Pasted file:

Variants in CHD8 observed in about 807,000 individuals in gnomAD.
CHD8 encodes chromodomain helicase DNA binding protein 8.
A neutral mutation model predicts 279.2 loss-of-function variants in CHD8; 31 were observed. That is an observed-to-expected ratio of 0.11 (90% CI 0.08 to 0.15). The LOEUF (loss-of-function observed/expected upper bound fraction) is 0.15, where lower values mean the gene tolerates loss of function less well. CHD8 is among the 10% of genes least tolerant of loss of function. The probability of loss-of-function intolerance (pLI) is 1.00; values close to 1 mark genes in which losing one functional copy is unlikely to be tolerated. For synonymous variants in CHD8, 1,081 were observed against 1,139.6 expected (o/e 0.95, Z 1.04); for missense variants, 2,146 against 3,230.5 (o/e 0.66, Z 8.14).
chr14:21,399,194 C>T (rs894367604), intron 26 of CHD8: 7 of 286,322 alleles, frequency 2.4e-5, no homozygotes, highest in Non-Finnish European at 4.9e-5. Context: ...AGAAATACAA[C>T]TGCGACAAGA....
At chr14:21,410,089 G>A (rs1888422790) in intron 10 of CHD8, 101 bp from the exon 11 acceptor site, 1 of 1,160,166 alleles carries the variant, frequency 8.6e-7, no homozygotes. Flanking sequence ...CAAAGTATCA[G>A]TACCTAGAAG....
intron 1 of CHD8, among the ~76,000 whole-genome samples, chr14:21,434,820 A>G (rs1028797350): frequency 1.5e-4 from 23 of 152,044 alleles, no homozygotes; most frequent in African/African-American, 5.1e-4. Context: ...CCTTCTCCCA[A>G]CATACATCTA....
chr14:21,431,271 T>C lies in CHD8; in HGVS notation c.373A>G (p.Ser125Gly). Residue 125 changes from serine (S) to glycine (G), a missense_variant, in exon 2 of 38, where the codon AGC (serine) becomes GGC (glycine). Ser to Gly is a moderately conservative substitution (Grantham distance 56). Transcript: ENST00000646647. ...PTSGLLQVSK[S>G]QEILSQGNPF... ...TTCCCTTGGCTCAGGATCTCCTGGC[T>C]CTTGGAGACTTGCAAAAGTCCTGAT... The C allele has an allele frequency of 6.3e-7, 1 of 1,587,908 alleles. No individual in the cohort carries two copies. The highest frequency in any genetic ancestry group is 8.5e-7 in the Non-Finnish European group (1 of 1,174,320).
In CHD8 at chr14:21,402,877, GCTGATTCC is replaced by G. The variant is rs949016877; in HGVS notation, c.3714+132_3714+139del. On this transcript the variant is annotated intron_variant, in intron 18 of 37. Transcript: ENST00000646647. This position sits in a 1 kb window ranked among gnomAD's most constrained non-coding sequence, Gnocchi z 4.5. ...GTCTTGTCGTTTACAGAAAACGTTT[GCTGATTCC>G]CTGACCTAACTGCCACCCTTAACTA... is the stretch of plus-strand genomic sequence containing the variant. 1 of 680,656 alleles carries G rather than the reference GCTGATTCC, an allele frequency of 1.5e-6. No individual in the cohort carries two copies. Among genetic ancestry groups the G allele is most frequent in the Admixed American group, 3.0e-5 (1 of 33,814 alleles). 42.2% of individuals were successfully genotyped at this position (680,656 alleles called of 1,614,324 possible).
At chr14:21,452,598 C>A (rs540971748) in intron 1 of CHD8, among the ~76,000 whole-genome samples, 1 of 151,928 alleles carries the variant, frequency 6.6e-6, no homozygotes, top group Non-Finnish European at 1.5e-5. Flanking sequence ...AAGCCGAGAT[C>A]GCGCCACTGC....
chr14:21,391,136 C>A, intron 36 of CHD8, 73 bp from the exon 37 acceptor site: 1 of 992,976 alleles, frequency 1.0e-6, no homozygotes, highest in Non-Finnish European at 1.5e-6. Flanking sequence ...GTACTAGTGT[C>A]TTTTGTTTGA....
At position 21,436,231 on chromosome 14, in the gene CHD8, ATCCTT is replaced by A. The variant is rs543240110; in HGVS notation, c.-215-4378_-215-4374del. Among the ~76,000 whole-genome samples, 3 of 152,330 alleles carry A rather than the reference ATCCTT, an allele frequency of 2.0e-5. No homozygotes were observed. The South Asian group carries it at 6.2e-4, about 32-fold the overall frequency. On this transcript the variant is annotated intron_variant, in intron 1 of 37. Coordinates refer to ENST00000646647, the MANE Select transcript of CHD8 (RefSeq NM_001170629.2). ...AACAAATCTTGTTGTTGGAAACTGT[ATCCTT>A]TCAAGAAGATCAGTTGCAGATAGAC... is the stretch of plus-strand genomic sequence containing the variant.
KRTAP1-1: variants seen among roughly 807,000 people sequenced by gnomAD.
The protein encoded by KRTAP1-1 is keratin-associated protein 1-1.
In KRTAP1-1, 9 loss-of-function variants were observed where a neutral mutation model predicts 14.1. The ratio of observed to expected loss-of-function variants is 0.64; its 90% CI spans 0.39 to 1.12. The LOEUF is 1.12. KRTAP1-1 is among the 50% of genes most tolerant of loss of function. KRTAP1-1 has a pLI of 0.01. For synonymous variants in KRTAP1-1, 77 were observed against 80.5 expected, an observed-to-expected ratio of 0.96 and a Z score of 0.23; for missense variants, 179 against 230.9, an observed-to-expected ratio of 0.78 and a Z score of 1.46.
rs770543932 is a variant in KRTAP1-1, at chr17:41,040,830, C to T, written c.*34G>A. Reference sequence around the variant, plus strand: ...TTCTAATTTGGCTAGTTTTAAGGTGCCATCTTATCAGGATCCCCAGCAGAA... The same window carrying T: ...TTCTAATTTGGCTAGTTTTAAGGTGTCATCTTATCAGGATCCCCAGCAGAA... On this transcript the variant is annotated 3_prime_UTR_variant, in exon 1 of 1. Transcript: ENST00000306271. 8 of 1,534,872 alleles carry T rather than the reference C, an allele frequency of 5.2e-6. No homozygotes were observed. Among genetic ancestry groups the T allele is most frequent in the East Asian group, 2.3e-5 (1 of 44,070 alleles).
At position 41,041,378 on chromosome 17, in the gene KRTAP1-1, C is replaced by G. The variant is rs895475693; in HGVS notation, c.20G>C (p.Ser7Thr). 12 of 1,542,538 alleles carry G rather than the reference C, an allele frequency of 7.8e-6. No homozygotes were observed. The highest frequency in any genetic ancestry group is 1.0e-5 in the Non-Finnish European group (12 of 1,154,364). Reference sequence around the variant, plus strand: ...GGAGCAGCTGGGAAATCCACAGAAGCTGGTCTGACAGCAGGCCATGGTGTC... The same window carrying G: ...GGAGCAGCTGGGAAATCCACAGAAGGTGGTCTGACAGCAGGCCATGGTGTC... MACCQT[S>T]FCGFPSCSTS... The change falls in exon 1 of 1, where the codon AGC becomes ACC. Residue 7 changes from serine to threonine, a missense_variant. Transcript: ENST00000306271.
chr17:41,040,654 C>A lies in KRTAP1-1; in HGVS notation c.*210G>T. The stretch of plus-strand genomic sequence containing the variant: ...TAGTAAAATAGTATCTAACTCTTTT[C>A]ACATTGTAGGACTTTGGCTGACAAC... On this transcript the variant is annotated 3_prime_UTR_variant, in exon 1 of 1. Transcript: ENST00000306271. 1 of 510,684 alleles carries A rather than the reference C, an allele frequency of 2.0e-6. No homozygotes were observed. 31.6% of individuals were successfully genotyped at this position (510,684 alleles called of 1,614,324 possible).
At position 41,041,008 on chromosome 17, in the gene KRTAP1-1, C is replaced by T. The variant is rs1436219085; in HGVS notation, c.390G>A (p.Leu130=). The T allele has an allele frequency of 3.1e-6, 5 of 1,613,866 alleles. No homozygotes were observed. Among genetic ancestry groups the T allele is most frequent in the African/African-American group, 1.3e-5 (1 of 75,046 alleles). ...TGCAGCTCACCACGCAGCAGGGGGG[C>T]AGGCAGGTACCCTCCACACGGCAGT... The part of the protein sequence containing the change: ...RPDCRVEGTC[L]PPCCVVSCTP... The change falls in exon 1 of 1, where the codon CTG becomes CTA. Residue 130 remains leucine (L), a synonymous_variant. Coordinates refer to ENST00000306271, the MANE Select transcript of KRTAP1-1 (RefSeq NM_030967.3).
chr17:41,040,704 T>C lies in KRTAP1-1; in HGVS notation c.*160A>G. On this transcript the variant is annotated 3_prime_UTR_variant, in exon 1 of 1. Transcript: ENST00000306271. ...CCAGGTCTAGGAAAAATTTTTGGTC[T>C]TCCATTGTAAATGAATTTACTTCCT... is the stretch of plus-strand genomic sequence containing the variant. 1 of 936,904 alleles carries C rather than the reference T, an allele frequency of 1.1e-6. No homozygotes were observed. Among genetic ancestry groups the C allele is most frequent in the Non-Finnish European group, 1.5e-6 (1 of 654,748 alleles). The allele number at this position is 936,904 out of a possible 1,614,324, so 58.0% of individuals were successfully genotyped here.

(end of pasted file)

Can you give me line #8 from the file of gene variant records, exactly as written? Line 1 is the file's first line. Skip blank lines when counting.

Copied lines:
In CHD8 at chr14:21,402,877, GCTGATTCC is replaced by G. The variant is rs949016877; in HGVS notation, c.3714+132_3714+139del. On this transcript the variant is annotated intron_variant, in intron 18 of 37. Transcript: ENST00000646647. This position sits in a 1 kb window ranked among gnomAD's most constrained non-coding sequence, Gnocchi z 4.5. ...GTCTTGTCGTTTACAGAAAACGTTT[GCTGATTCC>G]CTGACCTAACTGCCACCCTTAACTA... is the stretch of plus-strand genomic sequence containing the variant. 1 of 680,656 alleles carries G rather than the reference GCTGATTCC, an allele frequency of 1.5e-6. No individual in the cohort carries two copies. Among genetic ancestry groups the G allele is most frequent in the Admixed American group, 3.0e-5 (1 of 33,814 alleles). 42.2% of individuals were successfully genotyped at this position (680,656 alleles called of 1,614,324 possible).